Enniskillen Castle

Enniskillen Castle

When we crossed the river today in 2013, the lookout towers were demolished and there were no signs to suggest you had crossed from one political jurisdiction to another. Just a “welcome to county Fermanagh”. How things have changed for the better!

County Fermanagh comes from the  Irish “Fir Manach” – meaning “men of Manach” and was a stronghold of the Maguire clan up until the early 1600s. They had their main castle in the modern town of Enniskillen. However on the confiscation of Gaelic lands, the county was divided between Scottish and English undertakers and native Irish.

Enniskillen Castle 2

Enniskillen Castle from the inside

The chief settler families to benefit under the new divisions were the families of Blennerhasset, Cole, Hume, Butler, and Dunbar.

Other names common in the county include Rooney, McGovern, McGoldrick, McCartan, Johnston, Nixon, Ferguson and Irvine.

Are your folks from Fermanagh?

And thats it for this week – next week we continue our road-trip north into County Derry. See you then.

 

See Part 3 of our 17 County Roadtrip of Ireland.

This post is an excerpt from “A Letter from Ireland”.  Now available to buy in Paperback or Kindle version on Amazon.

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  • Kate says:

    I have visited Sligo several times. Four of my great grandparents were born there. I am researching Durkin, Marren, Kilroy, and Mulligan. Thank you for your newsletter!! I appreciate it!

    • Mike says:

      Hi Kate – lots of great Sligo names. Thanks for the positives! Mike.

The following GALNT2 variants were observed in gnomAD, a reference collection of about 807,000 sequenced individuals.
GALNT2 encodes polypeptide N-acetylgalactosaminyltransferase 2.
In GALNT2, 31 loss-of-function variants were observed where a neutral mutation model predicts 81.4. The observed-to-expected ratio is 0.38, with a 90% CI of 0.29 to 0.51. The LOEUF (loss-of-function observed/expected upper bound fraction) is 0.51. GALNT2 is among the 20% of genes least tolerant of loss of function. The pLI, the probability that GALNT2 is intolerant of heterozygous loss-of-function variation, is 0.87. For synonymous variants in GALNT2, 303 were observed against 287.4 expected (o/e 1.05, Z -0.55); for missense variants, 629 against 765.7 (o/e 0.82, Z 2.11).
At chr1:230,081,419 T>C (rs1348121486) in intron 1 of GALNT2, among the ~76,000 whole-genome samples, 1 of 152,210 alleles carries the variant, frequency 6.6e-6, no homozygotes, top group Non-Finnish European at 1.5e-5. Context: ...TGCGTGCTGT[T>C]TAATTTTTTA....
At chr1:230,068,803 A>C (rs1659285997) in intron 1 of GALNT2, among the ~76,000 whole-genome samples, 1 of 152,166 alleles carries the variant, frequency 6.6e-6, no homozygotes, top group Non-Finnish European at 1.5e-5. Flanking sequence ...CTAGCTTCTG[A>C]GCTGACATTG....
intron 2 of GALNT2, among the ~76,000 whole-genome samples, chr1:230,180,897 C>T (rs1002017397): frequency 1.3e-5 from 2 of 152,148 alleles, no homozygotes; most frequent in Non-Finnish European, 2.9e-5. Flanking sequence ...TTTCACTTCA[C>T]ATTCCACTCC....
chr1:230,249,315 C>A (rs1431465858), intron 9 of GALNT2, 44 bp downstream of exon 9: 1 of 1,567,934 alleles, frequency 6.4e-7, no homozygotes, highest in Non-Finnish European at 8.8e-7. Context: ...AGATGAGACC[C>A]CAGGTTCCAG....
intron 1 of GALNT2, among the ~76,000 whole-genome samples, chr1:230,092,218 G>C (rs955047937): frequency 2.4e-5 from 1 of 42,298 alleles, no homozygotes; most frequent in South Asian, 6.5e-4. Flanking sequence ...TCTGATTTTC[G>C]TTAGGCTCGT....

• COLLEEN CAMPBELL says:

        Hello Kate, I have Durkin’s on my Mom’s side of the family. Dont know ANYTHING about them other than they lived in Astoria, Queens, NY.. prior to these Great-Grandparents I do not know anything. Would be interested to see what you find out!

        Colleen

  • Eileen R Zuber says:

    I love all the history of Erin 🙂

  • Margery says:

    Hi does anyone know anything about the family names of pogue and north both and from my grandfathers sideof the family and they left county Cavan in 1811 for America with family still in county Cavan at that time I know nothing about where in Cavan they came or if that is the original county . I so want to know its been driving me crazy . Thanks

    • Mike says:

      Hi Margery – I thought did answer this before for you elsewhere on the blog – I just cant find it! Pogue is usually a version of “Pollock” – which you will find in NE Ulster including parts of Cavan. This would be a planter name originally. Hope this helps! Mike.

  • Michelle Velas says:

    My Grandparents are from Donegal! My Grandmother was Gillespie,related to Bridie Gallagher; my great Grandmother was Rose Gallagher. My Grandfather was O’Shiels(Shields in USA); my Great Grandmother was Sarah Quinn. TRYING TO FIND OUT MORE ON MY FAMILY! Great sight..Thank You.

  • […] This is Part 3 of our Roadtrip ( you can go here to see Part 1 – and here to see Part 2). […]